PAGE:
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We explain what the kitchen triangle is, why it is an important element of kitchen design and how to achieve it in your kitchen.
The kitchen triangle - also known as the ‘working triangle’ or the ‘golden triangle’ - is a design theory often used to create a sense of flow in our kitchens. Dating back to the 1940s, this theory is still as relevant today, and could help you make more efficient use of your space.
As the kitchen is often the heart of the home, optimising its layout and making it more functional is something that most of us strive for. If you’re looking for a proven way to make your kitchen design more conducive to family life, the working triangle could be a useful rule to follow.
The core principles of the kitchen working triangle are based on the placement of the most used or most important kitchen work areas.
The goal is to achieve a layout that makes performing everyday tasks easy, creating seamless movement between appliances that’s free from obstruction.
Originally developed by the Illinois School of Architecture as a way to cut costs in construction, this handy design rule still benefits homes today. While our lifestyles are no longer the same as they were in the 1940s, the triangle remains an important consideration for kitchen designers.
Some would say that due to how kitchens have evolved, the rule is perhaps a little outdated. Our kitchens are much more than just places to cook and prepare meals, after all - they are now sociable dining areas, places to relax, entertain, or even work.
However, efficiency of movement is still something to keep in mind, no matter what style of kitchen you go for.
The working triangle is the best starting point for most people, and can often be a helpful guide in planning your space.
Covering the three most important functions of the kitchen (cooking, storage and cleaning), these workstations are arranged in a loose triangle to ensure there’s a short enough walking distance between each one.
In busy family kitchens where meals are prepared several times a day, the triangle can be an invaluable tool. By placing your sink, fridge and oven/hob in an efficient triangle shape, you can reduce the time it takes to walk back and forth to/from key appliances when cooking for the family or entertaining.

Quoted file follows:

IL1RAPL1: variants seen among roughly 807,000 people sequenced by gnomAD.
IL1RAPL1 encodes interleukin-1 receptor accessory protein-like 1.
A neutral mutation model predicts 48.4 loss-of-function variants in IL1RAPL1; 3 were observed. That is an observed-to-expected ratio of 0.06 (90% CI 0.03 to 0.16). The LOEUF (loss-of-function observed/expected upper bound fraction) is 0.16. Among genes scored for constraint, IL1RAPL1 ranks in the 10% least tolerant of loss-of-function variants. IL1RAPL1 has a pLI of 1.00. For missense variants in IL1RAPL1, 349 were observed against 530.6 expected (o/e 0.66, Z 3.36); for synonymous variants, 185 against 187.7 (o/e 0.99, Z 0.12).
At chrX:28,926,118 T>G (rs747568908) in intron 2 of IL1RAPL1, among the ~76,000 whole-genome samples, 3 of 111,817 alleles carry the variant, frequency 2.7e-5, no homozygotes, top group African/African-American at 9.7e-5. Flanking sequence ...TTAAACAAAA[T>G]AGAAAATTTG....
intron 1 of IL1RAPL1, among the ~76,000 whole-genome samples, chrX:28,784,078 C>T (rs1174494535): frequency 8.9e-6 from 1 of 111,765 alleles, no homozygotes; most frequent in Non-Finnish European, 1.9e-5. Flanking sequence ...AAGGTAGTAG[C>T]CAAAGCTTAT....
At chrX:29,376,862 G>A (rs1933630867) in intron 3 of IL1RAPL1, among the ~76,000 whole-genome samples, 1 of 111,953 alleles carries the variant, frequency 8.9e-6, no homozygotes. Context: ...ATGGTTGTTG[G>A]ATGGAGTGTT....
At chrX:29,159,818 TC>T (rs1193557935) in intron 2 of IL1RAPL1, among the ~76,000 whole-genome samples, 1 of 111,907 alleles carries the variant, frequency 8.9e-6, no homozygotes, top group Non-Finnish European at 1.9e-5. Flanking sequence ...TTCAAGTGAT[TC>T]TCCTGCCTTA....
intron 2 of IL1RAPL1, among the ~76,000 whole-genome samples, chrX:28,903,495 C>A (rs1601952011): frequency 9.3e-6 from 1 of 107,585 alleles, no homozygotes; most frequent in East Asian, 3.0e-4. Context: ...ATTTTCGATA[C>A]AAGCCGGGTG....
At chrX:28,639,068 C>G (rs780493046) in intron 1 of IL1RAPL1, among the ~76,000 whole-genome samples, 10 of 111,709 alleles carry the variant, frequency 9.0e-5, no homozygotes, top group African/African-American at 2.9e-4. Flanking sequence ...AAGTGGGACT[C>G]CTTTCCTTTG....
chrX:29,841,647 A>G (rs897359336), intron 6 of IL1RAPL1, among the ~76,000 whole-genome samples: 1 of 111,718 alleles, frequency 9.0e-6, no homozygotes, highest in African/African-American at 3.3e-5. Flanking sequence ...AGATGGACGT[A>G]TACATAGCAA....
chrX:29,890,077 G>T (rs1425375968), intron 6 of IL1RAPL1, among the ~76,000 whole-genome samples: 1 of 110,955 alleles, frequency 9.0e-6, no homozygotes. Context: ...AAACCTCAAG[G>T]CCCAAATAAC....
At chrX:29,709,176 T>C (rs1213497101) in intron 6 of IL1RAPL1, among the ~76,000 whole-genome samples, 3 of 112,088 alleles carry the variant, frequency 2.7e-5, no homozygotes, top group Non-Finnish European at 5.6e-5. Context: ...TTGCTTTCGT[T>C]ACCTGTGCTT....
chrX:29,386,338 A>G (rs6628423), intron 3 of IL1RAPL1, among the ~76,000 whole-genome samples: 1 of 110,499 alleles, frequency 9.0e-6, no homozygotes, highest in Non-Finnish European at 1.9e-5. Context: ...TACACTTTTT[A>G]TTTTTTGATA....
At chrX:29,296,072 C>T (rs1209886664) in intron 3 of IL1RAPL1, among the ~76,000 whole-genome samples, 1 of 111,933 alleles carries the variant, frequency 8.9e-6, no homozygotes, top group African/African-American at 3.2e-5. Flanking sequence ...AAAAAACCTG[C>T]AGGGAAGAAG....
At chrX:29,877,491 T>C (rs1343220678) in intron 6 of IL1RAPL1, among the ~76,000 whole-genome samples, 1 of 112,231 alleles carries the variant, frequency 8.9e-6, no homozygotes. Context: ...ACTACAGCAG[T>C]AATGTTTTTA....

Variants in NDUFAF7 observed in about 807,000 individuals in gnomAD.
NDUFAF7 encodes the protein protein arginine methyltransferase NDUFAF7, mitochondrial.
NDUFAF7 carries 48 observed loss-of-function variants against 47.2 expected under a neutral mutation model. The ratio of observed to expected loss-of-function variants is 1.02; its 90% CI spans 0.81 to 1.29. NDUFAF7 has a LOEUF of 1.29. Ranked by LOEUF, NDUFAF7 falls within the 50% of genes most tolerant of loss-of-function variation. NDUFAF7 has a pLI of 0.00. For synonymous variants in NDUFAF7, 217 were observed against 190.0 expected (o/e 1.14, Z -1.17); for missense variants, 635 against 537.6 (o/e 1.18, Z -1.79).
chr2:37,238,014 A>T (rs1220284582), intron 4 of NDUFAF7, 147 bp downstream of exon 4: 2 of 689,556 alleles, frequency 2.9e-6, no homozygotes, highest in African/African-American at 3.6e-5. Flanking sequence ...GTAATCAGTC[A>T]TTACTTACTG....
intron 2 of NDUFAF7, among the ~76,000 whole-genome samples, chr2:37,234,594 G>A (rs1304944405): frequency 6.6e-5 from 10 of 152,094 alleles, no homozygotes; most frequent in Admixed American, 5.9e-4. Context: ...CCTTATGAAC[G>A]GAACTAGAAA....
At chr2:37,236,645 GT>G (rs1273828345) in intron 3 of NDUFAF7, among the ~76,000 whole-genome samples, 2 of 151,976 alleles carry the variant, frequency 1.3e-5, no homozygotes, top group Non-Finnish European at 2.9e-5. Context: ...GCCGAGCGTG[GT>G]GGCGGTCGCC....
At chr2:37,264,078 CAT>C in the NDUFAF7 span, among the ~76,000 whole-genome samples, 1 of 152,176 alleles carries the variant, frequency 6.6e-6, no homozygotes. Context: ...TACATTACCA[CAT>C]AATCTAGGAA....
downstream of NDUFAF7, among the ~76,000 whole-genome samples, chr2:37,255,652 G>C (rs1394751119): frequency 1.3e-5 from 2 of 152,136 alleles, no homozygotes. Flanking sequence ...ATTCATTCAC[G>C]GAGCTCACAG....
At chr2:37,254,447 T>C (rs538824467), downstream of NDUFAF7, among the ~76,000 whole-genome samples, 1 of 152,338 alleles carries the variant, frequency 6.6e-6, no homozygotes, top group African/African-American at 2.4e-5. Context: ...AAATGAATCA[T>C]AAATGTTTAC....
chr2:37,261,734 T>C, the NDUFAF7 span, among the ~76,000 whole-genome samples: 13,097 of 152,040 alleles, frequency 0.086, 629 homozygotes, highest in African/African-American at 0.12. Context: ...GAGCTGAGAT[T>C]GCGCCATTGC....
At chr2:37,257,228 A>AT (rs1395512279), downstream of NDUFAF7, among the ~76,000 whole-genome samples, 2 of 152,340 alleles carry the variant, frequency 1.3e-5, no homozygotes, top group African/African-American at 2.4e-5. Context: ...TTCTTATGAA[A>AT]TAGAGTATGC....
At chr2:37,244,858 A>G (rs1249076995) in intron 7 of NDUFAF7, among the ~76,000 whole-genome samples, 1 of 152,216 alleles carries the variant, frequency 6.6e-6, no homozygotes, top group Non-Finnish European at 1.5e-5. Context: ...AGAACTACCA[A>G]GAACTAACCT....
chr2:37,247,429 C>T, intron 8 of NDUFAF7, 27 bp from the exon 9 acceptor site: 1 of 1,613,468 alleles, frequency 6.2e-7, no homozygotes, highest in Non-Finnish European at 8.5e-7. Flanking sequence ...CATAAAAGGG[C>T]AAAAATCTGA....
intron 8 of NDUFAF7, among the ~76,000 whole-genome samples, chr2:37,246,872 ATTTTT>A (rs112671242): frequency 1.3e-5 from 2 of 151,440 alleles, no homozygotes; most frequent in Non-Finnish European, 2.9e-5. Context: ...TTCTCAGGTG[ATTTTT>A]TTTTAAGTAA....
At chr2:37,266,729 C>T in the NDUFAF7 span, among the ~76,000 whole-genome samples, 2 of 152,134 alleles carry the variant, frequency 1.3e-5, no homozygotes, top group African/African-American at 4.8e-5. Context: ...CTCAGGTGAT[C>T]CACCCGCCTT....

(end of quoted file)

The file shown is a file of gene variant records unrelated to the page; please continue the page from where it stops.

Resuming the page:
If you’re lucky enough to have a large and spacious kitchen, the triangle can be used to help designate entire zones within the space - such as the prep zone, the cook’s zone, and the washing-up zone.
This provides easy guidance on where other important appliances and features should be, such as extra pantry space, utility area, or a dishwasher.
The rule of the kitchen triangle is that the total perimeter should be a minimum of 13 feet (3.9 metres) and a maximum of 26 feet (7.9 metres).
At the most, there would be just over 8 feet (2.4 metres) between each workstation in the golden triangle. At the least, there would be just over 4 feet (1.2 metres) between the workstations.
But the measurements you choose will depend on your kitchen size. The general rule of thumb is that the area shouldn’t be too big or too small.
But really, the most important factor for a kitchen that looks beautiful and feels functional is flow.
According to this design theory, it’s important to have a clear central area within the triangle, and this means avoiding things that could block the flow of movement. Typically, this includes tables or kitchen islands. But optimising the working triangle in kitchens with an island is entirely possible.
An island can act as a very useful placement zone for a sink, hob or under-counter fridge. If you want to install an island while adhering to this proven functional layout, consider the placement of water inlets, power sockets and extractor fans carefully when planning your kitchen design.
For the average home, using the kitchen working triangle theory can help create a practical, comfortable and aesthetically pleasing space for the whole family - not just the chef. How well organised your kitchen is affects how beautiful it looks and feels, after all.
But as our dedicated designers will tell you, there needs to be a certain amount of flexibility with kitchen design, particularly when working with tight spaces.
For instance, a small U-shaped or galley kitchen is ideal when you need to think ergonomically. For these kitchens, you can apply the same principles of triangular placement.
But if you have a one-wall kitchen, some extra considerations will need to be made for achieving the golden ratio. If space allows, it could be worth adding an island to make the kitchen more functional.
The short answer is - it depends. While the golden triangle is one of the simplest and best design rules to follow, we understand that it’s not for everyone. These days, kitchens have evolved to be multifunctional parts of the home.
Additionally, you may need a bespoke design that prioritises appliance ergonomics to accomodate everything you need.
Every kitchen should be unique - just like you, your family and your lifestyle are.
If you need help with making your small kitchen work, book a Design Consultation with one of our Magnet kitchen experts.
We can discuss the possibilities of a working triangle in kitchens with limited room, as well as other design alternatives.